Full Analysis: What You Need To Know About The Life Of Fallen Anti Apartheid Giant Desmond Tutu


By Uganda Online Media

President Yoweri Museveni has appointed Maj Tom Magambo who has been in the Internal Security Organisations(ISO) as the new police Criminal Investigations Director.

“President Museveni has promoted Private Tom Magambo to the rank of Major and appointed him Director Criminal Investigations of the Uganda Police Force,” the acting UPDF spokesperson, Lt Col Ronald Kakurungu said in a statement.

Desmond Tutu was born on October 7, 1931, in Klerksdorp, South Africa, about 170 kilometers west of Johannesburg.

Tutu was born to Xhosa and Tswana parents and was educated in South African mission. His mother, Aletha, was a domestic worker; his father, Zachariah, taught at a Methodist school. The young Desmond was baptized a Methodist.

In 1943 Tutu and his entire family later joined the Anglican Church. When he was 12 the family moved to Johannesburg.

In 1947 Desmond Tutu was diagnosed and hospitalized with tuberculosis. After his recovery, Desmond befriended a white priest, Rev. Trevor Huddleston, and served in his church.

He had aspirations of becoming a doctor after recovery, but that dream could not materialize since his parents could not afford the school fees. He changed plans to become a teacher studying at the Pretoria Bantu Normal College where he earned a bachelor’s degree from the University of South Africa.

The white National Party launched apartheid in the run-up to 1948 national elections. It won popular support among white voters who wanted to maintain their dominance over the Black majority.

In 1955 Tutu married Nomalizo Leah Shenxane. She survived him a son, Trevor Thamsanqa Tutu, and three daughters, Theresa Thandeka Tutu, Naomi Nontombi Tutu, and Mpho Tutu van Furth, as well as seven grandchildren.

In 1958, he taught high school for three years but resigned to protest the Bantu Education Act, which lowered education standards for Black students. He then joined the priesthood.

In 1960, Tutu was ordained and served as a bishop of Lesotho between 1976 and 1978. He then became assistant bishop of Johannesburg and rector of a parish in Soweto.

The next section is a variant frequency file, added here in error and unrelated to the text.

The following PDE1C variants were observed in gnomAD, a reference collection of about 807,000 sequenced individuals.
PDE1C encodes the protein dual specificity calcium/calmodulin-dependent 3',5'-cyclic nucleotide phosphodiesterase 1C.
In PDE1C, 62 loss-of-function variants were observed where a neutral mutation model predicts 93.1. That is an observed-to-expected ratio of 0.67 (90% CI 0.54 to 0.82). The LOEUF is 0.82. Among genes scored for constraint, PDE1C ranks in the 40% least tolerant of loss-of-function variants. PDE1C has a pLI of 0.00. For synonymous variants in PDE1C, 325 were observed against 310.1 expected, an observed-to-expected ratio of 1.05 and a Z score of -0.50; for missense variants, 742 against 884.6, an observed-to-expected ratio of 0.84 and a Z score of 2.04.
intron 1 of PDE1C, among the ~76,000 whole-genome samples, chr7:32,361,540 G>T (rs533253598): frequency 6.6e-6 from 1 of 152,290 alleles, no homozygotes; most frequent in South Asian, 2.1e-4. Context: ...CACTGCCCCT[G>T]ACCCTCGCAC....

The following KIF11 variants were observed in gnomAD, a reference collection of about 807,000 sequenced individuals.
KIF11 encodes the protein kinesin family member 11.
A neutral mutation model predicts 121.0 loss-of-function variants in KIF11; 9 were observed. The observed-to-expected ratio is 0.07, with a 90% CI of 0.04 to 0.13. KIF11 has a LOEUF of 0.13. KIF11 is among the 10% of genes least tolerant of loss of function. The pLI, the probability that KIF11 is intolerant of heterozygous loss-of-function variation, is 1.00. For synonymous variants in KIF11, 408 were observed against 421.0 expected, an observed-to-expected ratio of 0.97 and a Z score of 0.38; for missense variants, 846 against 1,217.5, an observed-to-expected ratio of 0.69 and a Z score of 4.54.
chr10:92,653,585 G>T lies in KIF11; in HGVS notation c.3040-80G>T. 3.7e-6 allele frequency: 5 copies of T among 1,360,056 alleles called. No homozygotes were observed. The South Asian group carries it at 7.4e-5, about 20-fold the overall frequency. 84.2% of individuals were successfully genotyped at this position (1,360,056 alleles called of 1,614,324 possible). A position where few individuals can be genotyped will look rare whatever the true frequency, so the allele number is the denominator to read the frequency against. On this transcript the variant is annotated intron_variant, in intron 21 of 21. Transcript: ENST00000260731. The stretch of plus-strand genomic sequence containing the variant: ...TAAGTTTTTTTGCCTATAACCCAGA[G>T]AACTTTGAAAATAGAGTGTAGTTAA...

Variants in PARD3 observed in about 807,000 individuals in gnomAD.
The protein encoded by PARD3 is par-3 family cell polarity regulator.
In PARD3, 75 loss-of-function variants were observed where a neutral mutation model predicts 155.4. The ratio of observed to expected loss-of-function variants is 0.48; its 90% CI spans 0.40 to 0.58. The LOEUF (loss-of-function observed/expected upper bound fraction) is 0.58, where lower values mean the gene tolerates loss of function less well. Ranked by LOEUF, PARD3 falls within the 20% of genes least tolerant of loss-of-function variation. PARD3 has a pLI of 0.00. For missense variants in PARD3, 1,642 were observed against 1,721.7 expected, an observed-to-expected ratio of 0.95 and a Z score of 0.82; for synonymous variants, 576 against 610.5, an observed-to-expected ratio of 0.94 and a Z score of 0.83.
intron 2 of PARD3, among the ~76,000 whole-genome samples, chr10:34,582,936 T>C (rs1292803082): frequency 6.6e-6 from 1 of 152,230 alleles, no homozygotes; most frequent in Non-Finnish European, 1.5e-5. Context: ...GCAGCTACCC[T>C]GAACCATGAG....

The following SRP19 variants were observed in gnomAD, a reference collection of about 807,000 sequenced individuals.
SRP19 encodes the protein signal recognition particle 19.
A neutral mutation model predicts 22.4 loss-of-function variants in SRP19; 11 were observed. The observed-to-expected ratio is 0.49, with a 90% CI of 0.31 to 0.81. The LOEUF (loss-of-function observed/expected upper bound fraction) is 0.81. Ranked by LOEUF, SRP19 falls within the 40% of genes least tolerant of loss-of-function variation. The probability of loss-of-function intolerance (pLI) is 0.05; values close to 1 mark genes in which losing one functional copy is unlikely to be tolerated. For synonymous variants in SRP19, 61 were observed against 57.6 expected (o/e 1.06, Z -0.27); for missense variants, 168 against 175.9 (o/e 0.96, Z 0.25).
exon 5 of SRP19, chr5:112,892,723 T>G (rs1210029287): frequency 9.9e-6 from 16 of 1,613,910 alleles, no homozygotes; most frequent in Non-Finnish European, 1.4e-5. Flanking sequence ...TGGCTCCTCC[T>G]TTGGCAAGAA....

In 1962, Tutu moved to Britain to study theology at King’s College London where he earned a bachelor of divinity degree and later became a fellow.

In 1966, Tutu went back to South Africa to start teaching theology at a seminary in the Eastern Cape. He also began making his views against apartheid known.

Between 1972-1975, he served as associate director of the Theological Education Fund, traveling widely in Asia and Africa and administering scholarships for the World Council of Churches and he was later appointed the first Black Anglican dean of St. Mary’s Cathedral in Johannesburg, South Africa and consecrated bishop of Lesotho the next year.

In 1978, Tutu became the first Black general secretary of the South African Council of Churches and began to establish the organization as a major force in the movement against apartheid.

In 1980 Tutu led a delegation of church leaders to meet Prime Minister PW Botha, advising him to end apartheid. Though the meeting did not yield any positive results, it left a mark in the book of history as the time is a Black leader confronts a senior white government official.

In1984, the anti-apartheid icon was awarded the Nobel Peace Prize for his efforts to bring about the end of white minority rule. His voice was a powerful force for nonviolence in the anti-apartheid movement.

In 1985, Tutu became the first Black bishop of Johannesburg. He publicly endorsed an economic boycott of South Africa and civil disobedience as a way to dismantle apartheid.

In 1986, Tutu becomes the first Black person appointed bishop of Cape Town and head of the Anglican Church of the Province of Southern Africa.

In 1991, Apartheid laws and racist restrictions were repealed and power-sharing talks started between the state and 16 anti-apartheid groups.

In 1994, After Mandela swung to power at the helm of the ANC in the country’s first democratic elections, Tutu coins the term “Rainbow Nation” to describe the coming together of various races in post-apartheid South Africa.

In 1994, Mandela appointed Tutu to chair the Truth and Reconciliation Commission that was being set up to “deal with what happened under apartheid” by investigating human rights violations, offering support to victims, and scrutinizing applications for amnesty from perpetrators of past violations.

In1996, Tutu retired from the church to focus solely on the commission. He continues his activism, advocating for equality and reconciliation and is later named Archbishop Emeritus.

In 1997, he was first diagnosed with prostate cancer and was hospitalized several times in the years since, amid recurring fears that the disease had spread.

In 2004, the archbishop accused President Thabo Mbeki, Mr. Mandela’s successor, of pursuing policies that enriched a tiny elite while “many, too many, of our people live in grueling, demeaning, dehumanizing poverty.”

2011, the Dalai Lama inaugurates the annual Desmond Tutu International Peace Lecture but does so via satellite link after the South African government denies the Tibetan spiritual leader a visa to attend.

In 2013, Tutu makes outspoken comments about the ANC. He says he will no longer vote for the party because it had done a bad job addressing inequality, violence, and corruption.

In 2013, Referred to by many as the “moral compass”, tutu declared his support for gay rights, saying he would not “worship a God who is homophobic”.

 He died in cape town at the age of 90 on 26 December 2021.

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